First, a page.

Farm advice: Securing your load

By: By John Sheddan, director, Sheddan Pritchard Law Ltd

An insecure or loose load can be inconvenient, create a hazard and, in the worst-case scenario, unintentionally be a deadly weapon

John Sheddan

All road users have seen dodgy-looking loads or towing that have caused drivers to increase following distances or dodge randomly dropped items that have fallen or blown from trucks or trailers. Even worse, drivers have been forced to take high-speed evasive manoeuvres to dodge dislodged items falling from those trucks or trailers.

In this article, we point out that all drivers and operators have a responsibility to secure their loads, and explain the consequences if this doesn’t happen.

But it’s just a fine if you get caught, right?

The Land Transport Act 1998 and its associated regulations provide strict liability offences[1] for having an insecure load. For an individual, failing to secure a load risks an instant fine of $600. If the circumstances are sufficiently dangerous, you may face court prosecution. The court can award fines of up to $2000 for an individual, or $10,000 for a company, and the driver can face disqualification from driving for as long as the court rules is appropriate due to the circumstances.


These penalties are faced by the operator of a vehicle on the road. ‘Operator’ is defined in the Act as to use or drive, or to operate such vehicle, so it catches both the driver and owner. ‘Operating’ interpreted under the Act is far wider than merely driving. It can capture the registered owner, even if not driving, and even a dispatcher, depending on the circumstances.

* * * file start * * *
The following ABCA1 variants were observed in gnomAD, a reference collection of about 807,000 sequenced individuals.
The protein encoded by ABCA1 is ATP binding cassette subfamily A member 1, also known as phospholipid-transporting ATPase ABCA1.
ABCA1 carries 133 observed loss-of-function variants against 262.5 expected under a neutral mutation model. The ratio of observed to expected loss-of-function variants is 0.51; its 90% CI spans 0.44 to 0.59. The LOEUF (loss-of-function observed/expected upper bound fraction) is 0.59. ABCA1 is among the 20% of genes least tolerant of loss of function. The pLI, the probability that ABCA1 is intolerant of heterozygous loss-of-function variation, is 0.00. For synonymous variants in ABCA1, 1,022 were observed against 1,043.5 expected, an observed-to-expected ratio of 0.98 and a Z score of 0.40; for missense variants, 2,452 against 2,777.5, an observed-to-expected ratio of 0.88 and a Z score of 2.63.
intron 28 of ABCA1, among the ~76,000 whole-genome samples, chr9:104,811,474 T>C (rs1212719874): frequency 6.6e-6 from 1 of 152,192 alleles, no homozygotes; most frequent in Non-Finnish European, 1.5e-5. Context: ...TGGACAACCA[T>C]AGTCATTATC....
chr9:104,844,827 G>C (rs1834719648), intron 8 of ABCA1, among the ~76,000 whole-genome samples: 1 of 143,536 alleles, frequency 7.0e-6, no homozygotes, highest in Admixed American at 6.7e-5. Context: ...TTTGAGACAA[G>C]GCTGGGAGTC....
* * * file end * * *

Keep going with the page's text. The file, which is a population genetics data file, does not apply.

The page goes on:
As well, if the vehicle is not displaying a current Warrant of Fitness (WoF), there’s an on-the-spot instant $200 fine. If you’re prosecuted in court, this fine can be increased to $2000.

Whether the fine is issued instantly, or pursued in court, would depend on the situation, circumstances, and nature of your offending. The issue being addressed is road safety, and the risk created to yourself or others.

It’s still just a fine, right?

Horrifyingly, the fines only record part of a story. The crux of the matter is safety – to you and others using the road.

My own recollections, reinforced with a few simple Google searches when writing this article, revealed cases of insecure loads falling onto the road that have caused horrific injuries, paralysis, and death. These have resulted in changed lives, ruined careers, and – worse – families whose loved ones did not come home.

With the outcomes racking devastation on innocent victims and the guilty parties, no events of such devastation can occur without suffering for all involved.

That’s a bit over the top, isn’t it?

Sadly, it’s not, and it’s not getting any better.

Forty years ago, I can still recall a classmate’s sibling ending up in a wheelchair when a tandem trailer jumped its ball hitch, ran free, and crashed into a car travelling the other way.
There was a similar situation 20 years ago, where a new trainee was asked to move a trailer, which also came loose.